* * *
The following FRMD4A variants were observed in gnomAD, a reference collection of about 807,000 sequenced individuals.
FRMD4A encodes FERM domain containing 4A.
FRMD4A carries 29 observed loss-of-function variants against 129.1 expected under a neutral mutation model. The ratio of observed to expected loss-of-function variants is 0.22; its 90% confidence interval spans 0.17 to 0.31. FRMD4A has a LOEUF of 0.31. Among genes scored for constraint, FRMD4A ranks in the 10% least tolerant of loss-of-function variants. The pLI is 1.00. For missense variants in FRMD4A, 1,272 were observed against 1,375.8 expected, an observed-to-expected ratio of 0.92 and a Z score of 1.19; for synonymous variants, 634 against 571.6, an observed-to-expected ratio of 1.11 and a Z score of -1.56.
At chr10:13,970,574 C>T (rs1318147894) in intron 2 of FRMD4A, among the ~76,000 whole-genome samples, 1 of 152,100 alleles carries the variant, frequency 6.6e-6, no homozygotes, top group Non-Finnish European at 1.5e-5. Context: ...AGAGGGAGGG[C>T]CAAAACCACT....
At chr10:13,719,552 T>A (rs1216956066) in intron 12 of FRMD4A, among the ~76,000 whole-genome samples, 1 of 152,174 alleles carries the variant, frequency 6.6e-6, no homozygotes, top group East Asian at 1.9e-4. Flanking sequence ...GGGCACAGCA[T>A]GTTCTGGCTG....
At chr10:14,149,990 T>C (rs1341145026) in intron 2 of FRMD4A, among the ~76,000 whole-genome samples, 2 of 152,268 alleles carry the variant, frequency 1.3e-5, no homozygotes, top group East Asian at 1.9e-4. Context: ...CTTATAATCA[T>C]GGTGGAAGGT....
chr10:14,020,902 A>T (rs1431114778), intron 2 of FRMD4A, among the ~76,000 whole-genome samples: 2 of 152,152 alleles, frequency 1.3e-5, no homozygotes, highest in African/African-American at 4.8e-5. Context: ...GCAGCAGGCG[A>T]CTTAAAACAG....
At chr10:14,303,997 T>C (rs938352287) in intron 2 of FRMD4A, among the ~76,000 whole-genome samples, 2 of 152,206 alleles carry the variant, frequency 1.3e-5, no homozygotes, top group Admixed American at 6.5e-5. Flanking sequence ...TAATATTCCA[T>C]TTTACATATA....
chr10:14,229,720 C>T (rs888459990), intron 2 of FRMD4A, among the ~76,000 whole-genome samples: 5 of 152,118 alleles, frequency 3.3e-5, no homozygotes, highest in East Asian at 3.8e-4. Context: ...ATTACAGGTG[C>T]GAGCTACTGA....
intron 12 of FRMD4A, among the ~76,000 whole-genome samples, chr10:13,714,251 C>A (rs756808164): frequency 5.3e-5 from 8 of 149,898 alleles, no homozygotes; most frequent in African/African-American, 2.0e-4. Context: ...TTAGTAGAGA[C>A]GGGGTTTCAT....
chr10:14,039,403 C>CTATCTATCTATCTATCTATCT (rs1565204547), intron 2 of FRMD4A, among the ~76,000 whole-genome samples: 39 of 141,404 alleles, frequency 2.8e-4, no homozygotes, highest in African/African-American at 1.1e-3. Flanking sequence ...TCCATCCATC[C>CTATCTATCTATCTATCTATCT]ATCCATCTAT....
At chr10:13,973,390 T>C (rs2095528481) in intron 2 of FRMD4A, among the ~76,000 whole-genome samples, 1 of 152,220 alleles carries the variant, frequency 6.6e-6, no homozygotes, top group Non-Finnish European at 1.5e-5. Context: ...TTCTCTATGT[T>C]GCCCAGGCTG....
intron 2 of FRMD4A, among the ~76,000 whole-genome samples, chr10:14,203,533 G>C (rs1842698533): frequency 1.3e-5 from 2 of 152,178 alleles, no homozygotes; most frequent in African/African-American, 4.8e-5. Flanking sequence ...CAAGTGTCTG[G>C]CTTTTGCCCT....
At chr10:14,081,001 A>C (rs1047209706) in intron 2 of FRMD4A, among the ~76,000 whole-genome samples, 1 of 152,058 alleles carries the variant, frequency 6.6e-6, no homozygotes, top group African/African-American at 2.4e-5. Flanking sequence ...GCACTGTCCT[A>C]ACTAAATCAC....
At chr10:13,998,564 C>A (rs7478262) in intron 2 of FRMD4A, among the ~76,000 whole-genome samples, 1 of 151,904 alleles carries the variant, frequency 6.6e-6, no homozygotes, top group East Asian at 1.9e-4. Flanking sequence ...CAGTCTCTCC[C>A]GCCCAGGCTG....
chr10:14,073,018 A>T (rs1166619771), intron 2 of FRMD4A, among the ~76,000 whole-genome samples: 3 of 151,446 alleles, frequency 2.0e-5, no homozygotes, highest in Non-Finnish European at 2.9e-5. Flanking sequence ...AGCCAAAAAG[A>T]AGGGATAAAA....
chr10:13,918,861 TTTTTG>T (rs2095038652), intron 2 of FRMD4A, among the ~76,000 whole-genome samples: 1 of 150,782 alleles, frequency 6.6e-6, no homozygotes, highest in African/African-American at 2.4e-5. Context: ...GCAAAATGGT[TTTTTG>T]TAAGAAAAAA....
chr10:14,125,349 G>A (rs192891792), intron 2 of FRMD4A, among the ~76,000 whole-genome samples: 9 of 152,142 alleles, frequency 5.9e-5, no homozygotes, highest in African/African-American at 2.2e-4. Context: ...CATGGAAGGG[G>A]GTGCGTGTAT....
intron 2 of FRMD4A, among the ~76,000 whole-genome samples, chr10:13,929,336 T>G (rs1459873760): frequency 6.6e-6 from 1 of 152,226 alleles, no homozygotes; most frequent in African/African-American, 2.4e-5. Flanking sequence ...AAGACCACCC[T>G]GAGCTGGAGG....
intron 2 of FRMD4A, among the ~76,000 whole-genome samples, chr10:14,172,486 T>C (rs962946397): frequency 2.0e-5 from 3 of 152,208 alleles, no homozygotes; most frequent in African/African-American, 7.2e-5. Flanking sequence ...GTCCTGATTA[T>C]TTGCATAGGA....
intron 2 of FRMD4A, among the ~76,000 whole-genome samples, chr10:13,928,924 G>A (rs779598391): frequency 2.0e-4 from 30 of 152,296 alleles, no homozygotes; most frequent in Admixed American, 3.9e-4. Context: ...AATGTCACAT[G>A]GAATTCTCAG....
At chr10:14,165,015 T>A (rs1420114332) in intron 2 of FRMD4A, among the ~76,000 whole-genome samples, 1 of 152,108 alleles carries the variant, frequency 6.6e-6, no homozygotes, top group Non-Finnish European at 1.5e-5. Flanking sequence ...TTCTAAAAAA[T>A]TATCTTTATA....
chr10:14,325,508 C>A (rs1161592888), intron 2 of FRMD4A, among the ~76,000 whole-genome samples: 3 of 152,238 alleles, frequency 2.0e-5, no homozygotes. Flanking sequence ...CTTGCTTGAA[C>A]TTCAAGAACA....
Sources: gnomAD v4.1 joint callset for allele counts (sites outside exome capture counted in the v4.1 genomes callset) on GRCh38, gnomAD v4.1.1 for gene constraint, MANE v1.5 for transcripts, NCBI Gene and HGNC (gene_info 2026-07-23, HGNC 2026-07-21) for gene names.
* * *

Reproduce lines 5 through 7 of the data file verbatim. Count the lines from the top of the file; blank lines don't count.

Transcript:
At chr10:13,719,552 T>A (rs1216956066) in intron 12 of FRMD4A, among the ~76,000 whole-genome samples, 1 of 152,174 alleles carries the variant, frequency 6.6e-6, no homozygotes, top group East Asian at 1.9e-4. Flanking sequence ...GGGCACAGCA[T>A]GTTCTGGCTG....
At chr10:14,149,990 T>C (rs1341145026) in intron 2 of FRMD4A, among the ~76,000 whole-genome samples, 2 of 152,268 alleles carry the variant, frequency 1.3e-5, no homozygotes, top group East Asian at 1.9e-4. Context: ...CTTATAATCA[T>C]GGTGGAAGGT....
chr10:14,020,902 A>T (rs1431114778), intron 2 of FRMD4A, among the ~76,000 whole-genome samples: 2 of 152,152 alleles, frequency 1.3e-5, no homozygotes, highest in African/African-American at 4.8e-5. Context: ...GCAGCAGGCG[A>T]CTTAAAACAG....